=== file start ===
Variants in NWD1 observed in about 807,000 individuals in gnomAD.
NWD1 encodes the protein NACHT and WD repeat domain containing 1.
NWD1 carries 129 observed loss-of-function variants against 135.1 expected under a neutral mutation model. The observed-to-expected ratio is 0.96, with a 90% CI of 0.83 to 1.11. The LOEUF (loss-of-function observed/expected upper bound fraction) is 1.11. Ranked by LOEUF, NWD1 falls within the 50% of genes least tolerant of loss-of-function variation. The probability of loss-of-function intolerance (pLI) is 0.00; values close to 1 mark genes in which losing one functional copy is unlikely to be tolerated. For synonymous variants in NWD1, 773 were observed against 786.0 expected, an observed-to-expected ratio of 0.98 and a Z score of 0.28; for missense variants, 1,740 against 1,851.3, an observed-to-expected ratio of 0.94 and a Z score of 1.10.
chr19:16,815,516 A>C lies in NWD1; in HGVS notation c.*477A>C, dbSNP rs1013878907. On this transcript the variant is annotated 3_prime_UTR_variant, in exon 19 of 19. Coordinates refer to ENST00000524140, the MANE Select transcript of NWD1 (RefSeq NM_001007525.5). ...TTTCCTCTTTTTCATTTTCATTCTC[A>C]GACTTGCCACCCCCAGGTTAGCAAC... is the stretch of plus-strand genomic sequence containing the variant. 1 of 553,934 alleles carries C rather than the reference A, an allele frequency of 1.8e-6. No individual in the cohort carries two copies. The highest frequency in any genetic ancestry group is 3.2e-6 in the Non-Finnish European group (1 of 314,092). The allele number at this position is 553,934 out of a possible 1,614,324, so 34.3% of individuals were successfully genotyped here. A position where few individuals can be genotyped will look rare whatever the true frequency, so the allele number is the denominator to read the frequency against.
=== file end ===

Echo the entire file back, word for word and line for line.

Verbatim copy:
Variants in NWD1 observed in about 807,000 individuals in gnomAD.
NWD1 encodes the protein NACHT and WD repeat domain containing 1.
NWD1 carries 129 observed loss-of-function variants against 135.1 expected under a neutral mutation model. The observed-to-expected ratio is 0.96, with a 90% CI of 0.83 to 1.11. The LOEUF (loss-of-function observed/expected upper bound fraction) is 1.11. Ranked by LOEUF, NWD1 falls within the 50% of genes least tolerant of loss-of-function variation. The probability of loss-of-function intolerance (pLI) is 0.00; values close to 1 mark genes in which losing one functional copy is unlikely to be tolerated. For synonymous variants in NWD1, 773 were observed against 786.0 expected, an observed-to-expected ratio of 0.98 and a Z score of 0.28; for missense variants, 1,740 against 1,851.3, an observed-to-expected ratio of 0.94 and a Z score of 1.10.
chr19:16,815,516 A>C lies in NWD1; in HGVS notation c.*477A>C, dbSNP rs1013878907. On this transcript the variant is annotated 3_prime_UTR_variant, in exon 19 of 19. Coordinates refer to ENST00000524140, the MANE Select transcript of NWD1 (RefSeq NM_001007525.5). ...TTTCCTCTTTTTCATTTTCATTCTC[A>C]GACTTGCCACCCCCAGGTTAGCAAC... is the stretch of plus-strand genomic sequence containing the variant. 1 of 553,934 alleles carries C rather than the reference A, an allele frequency of 1.8e-6. No individual in the cohort carries two copies. The highest frequency in any genetic ancestry group is 3.2e-6 in the Non-Finnish European group (1 of 314,092). The allele number at this position is 553,934 out of a possible 1,614,324, so 34.3% of individuals were successfully genotyped here. A position where few individuals can be genotyped will look rare whatever the true frequency, so the allele number is the denominator to read the frequency against.